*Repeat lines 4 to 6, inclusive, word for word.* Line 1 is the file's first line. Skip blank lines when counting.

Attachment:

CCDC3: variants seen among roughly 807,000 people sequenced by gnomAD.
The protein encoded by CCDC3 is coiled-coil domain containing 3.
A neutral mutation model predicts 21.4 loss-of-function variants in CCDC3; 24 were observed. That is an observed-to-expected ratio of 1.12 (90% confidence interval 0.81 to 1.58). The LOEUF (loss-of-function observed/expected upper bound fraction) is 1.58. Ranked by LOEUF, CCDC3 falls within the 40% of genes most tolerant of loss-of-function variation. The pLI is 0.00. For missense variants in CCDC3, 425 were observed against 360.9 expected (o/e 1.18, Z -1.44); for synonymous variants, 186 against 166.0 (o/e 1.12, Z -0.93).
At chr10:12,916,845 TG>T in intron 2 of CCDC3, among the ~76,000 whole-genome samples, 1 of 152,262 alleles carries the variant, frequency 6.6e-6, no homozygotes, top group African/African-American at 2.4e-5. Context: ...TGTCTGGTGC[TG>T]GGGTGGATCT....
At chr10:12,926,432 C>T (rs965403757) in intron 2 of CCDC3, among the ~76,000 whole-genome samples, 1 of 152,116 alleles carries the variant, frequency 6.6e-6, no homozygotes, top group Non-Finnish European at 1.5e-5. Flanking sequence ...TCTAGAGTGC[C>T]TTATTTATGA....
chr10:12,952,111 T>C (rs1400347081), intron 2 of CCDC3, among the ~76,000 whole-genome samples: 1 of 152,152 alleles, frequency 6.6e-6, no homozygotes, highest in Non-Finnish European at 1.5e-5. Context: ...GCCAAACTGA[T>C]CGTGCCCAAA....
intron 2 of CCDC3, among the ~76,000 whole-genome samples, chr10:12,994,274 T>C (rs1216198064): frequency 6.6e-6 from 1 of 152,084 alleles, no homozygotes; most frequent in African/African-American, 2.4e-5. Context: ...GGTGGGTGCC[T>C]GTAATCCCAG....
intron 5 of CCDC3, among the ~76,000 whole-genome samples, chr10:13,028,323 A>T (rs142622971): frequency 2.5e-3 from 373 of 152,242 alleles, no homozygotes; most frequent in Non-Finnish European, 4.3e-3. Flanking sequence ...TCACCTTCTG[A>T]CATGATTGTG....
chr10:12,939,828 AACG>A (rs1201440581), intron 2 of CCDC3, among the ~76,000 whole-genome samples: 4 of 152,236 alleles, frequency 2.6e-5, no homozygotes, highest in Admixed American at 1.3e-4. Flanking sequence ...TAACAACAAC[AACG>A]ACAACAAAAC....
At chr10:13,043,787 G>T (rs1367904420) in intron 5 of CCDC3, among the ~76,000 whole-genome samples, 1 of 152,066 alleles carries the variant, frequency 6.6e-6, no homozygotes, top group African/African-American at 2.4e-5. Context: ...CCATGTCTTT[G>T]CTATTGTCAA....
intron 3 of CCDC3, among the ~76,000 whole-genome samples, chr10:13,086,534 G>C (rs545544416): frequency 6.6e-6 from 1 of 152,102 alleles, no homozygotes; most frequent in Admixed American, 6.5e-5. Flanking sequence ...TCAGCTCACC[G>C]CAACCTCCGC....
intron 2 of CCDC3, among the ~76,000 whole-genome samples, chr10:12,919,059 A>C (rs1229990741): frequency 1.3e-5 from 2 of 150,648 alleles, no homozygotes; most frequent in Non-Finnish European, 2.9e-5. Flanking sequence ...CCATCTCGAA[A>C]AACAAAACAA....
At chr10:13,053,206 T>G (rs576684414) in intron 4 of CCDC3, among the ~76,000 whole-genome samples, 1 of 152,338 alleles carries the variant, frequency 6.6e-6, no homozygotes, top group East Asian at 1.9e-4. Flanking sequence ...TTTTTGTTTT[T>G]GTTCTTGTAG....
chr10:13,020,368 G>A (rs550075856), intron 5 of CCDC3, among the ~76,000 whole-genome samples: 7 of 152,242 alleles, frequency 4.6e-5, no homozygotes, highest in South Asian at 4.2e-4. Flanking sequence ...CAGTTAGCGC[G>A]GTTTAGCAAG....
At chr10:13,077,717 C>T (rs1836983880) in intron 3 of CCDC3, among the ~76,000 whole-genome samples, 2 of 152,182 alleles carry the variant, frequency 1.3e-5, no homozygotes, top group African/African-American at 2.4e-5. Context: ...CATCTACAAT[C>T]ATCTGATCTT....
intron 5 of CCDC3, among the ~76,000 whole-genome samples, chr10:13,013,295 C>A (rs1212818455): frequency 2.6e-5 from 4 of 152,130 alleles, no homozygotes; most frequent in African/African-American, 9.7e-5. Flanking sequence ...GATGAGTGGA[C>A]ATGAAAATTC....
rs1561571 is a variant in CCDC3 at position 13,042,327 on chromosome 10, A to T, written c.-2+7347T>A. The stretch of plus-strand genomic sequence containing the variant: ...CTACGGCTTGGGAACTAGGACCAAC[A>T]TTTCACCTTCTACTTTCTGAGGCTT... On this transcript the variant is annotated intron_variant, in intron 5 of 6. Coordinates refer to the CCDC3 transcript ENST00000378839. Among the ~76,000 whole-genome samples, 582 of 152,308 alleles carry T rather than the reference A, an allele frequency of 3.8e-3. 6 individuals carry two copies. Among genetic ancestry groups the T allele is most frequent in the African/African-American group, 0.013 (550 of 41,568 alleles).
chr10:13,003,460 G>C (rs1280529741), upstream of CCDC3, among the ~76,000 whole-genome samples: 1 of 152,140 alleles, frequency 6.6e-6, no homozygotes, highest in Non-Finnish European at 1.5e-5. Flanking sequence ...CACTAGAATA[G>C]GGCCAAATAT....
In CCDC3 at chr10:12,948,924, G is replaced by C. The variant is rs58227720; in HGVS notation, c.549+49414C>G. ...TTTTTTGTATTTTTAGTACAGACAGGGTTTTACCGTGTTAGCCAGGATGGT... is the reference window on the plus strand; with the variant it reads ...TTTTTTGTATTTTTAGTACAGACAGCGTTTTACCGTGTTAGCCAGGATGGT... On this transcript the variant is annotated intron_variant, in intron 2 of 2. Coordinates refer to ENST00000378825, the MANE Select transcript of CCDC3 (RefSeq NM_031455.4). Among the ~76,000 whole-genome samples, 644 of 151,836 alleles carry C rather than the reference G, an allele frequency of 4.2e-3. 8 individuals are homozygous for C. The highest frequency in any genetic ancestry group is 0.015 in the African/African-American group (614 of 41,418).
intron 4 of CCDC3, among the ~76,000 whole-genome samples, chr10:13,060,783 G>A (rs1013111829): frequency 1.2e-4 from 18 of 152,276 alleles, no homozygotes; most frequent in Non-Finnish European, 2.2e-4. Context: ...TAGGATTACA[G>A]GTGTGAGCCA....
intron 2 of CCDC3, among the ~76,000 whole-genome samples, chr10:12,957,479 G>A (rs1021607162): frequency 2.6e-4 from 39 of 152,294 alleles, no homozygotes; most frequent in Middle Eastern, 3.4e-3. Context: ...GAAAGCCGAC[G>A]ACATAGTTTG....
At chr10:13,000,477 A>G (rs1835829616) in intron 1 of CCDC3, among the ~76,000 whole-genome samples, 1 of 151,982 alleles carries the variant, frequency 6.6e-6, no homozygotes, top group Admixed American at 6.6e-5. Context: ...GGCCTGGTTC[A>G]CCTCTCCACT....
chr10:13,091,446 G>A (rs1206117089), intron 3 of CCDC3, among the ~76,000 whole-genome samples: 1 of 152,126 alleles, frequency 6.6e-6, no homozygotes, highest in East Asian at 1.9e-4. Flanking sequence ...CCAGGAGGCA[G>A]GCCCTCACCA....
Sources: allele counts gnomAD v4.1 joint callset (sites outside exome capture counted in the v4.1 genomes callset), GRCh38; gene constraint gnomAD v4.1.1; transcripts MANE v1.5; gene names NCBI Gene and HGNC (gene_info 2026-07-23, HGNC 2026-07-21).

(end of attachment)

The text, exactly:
At chr10:12,916,845 TG>T in intron 2 of CCDC3, among the ~76,000 whole-genome samples, 1 of 152,262 alleles carries the variant, frequency 6.6e-6, no homozygotes, top group African/African-American at 2.4e-5. Context: ...TGTCTGGTGC[TG>T]GGGTGGATCT....
At chr10:12,926,432 C>T (rs965403757) in intron 2 of CCDC3, among the ~76,000 whole-genome samples, 1 of 152,116 alleles carries the variant, frequency 6.6e-6, no homozygotes, top group Non-Finnish European at 1.5e-5. Flanking sequence ...TCTAGAGTGC[C>T]TTATTTATGA....
chr10:12,952,111 T>C (rs1400347081), intron 2 of CCDC3, among the ~76,000 whole-genome samples: 1 of 152,152 alleles, frequency 6.6e-6, no homozygotes, highest in Non-Finnish European at 1.5e-5. Context: ...GCCAAACTGA[T>C]CGTGCCCAAA....